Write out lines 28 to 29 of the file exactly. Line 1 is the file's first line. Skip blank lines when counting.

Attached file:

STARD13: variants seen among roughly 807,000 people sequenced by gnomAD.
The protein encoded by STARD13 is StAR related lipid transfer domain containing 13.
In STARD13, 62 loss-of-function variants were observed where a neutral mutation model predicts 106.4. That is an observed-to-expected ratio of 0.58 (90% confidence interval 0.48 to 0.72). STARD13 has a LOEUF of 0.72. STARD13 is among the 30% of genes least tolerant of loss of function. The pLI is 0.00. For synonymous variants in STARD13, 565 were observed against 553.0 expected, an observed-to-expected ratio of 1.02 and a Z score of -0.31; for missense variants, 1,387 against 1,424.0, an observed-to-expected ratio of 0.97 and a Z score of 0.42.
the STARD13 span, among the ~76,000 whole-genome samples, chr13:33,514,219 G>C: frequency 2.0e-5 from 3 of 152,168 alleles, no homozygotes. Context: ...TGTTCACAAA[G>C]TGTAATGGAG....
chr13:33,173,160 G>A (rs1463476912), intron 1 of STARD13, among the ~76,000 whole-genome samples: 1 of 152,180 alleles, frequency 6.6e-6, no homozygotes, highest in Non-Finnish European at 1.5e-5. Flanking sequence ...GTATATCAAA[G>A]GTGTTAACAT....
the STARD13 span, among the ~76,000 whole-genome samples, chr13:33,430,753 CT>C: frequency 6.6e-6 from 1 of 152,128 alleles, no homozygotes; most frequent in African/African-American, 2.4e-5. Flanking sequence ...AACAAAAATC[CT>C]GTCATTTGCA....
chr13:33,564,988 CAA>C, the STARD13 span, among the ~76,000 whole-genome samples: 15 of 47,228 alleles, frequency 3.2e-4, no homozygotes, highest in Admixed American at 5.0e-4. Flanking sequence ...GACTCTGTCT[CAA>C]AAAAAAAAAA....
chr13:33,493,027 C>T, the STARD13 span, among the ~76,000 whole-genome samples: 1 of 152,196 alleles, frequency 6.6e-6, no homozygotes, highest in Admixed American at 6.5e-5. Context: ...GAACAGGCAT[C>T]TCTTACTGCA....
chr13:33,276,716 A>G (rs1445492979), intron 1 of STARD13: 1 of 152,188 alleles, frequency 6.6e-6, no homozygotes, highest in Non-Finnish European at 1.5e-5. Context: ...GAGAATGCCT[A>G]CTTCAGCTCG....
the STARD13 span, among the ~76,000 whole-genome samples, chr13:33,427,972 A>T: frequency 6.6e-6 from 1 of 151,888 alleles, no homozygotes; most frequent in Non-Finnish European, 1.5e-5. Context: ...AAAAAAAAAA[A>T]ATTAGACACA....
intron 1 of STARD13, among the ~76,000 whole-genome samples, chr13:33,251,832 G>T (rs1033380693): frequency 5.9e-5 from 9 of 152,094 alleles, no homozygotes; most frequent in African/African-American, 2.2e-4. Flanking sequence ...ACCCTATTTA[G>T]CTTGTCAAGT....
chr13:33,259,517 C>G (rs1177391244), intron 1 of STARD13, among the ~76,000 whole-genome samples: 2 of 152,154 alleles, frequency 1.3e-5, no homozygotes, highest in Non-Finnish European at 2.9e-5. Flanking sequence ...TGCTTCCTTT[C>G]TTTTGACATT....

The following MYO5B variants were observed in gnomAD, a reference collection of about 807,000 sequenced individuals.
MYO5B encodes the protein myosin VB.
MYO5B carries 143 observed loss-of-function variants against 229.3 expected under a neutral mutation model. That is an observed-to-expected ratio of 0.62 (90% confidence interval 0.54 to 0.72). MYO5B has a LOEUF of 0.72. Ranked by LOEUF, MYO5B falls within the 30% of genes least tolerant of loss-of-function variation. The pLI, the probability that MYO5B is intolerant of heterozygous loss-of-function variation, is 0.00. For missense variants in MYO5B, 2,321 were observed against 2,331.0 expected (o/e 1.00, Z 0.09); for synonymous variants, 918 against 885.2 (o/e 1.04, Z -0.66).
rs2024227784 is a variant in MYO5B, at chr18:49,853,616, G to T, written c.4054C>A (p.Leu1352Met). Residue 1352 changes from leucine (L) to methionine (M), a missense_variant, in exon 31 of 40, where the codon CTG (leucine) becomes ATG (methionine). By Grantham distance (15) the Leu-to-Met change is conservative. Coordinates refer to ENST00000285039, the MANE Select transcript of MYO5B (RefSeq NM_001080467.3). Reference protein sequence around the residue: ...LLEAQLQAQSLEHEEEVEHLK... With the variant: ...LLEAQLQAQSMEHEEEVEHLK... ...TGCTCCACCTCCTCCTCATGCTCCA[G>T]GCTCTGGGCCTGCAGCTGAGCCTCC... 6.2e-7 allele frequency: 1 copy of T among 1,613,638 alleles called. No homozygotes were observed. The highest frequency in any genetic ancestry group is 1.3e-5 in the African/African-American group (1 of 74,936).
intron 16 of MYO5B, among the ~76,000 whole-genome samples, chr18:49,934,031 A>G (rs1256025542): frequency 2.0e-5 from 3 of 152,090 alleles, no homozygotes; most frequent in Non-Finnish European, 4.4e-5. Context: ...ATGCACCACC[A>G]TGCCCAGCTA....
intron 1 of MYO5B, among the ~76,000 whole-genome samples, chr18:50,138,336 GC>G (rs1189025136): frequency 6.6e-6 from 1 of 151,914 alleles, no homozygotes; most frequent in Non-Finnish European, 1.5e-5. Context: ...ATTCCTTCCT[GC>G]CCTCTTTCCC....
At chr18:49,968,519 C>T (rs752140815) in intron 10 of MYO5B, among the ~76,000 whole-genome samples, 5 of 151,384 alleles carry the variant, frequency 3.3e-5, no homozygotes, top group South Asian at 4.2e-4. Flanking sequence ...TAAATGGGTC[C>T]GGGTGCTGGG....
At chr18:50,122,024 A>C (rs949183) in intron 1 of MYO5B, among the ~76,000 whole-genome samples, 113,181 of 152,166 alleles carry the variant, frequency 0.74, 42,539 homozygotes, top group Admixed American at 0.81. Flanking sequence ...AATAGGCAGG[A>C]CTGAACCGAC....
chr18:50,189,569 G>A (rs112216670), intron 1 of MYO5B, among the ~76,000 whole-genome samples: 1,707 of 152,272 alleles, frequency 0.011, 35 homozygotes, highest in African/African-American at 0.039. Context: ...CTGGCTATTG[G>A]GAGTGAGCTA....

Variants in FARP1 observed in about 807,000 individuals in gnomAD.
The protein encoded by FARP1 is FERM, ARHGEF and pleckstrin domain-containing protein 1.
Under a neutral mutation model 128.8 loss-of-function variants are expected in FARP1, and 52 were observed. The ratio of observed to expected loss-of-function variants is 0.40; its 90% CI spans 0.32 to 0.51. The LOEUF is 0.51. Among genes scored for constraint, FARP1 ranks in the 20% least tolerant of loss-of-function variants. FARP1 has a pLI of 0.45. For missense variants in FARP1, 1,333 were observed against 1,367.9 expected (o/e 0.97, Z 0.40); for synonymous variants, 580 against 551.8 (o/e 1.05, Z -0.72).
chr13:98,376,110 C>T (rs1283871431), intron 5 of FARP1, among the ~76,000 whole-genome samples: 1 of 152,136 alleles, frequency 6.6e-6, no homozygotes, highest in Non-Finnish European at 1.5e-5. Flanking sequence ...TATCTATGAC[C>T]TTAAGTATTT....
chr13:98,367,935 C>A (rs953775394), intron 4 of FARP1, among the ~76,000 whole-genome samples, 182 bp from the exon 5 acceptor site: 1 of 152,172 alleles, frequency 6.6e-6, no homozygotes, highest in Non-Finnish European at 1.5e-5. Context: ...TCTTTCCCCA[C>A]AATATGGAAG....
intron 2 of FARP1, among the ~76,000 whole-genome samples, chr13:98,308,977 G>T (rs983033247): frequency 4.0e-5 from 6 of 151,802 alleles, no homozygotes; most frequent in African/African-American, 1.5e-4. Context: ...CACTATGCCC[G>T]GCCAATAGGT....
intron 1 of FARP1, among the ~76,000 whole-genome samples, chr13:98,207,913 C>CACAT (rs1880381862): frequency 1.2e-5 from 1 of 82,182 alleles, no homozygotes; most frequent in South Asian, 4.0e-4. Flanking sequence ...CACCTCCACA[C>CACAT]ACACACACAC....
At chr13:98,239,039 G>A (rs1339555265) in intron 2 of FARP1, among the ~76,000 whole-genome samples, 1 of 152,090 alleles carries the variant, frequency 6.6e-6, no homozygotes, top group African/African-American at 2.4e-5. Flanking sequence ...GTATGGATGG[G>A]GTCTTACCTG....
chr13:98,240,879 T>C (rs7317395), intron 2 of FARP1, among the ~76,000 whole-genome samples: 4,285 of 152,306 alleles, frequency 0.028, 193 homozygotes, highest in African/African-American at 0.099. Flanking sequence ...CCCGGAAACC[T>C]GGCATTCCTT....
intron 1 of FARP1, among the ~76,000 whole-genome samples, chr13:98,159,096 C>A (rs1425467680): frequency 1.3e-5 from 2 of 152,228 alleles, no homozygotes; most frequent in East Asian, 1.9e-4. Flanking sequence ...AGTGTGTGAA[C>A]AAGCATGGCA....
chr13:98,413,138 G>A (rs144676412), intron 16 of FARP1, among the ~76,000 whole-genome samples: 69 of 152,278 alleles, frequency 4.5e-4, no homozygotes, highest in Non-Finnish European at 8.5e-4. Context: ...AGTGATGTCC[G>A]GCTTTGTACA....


intron 1 of FARP1, among the ~76,000 whole-genome samples, chr13:98,207,913 C>CACAT (rs1880381862): frequency 1.2e-5 from 1 of 82,182 alleles, no homozygotes; most frequent in South Asian, 4.0e-4. Flanking sequence ...CACCTCCACA[C>CACAT]ACACACACAC....
At chr13:98,239,039 G>A (rs1339555265) in intron 2 of FARP1, among the ~76,000 whole-genome samples, 1 of 152,090 alleles carries the variant, frequency 6.6e-6, no homozygotes, top group African/African-American at 2.4e-5. Flanking sequence ...GTATGGATGG[G>A]GTCTTACCTG....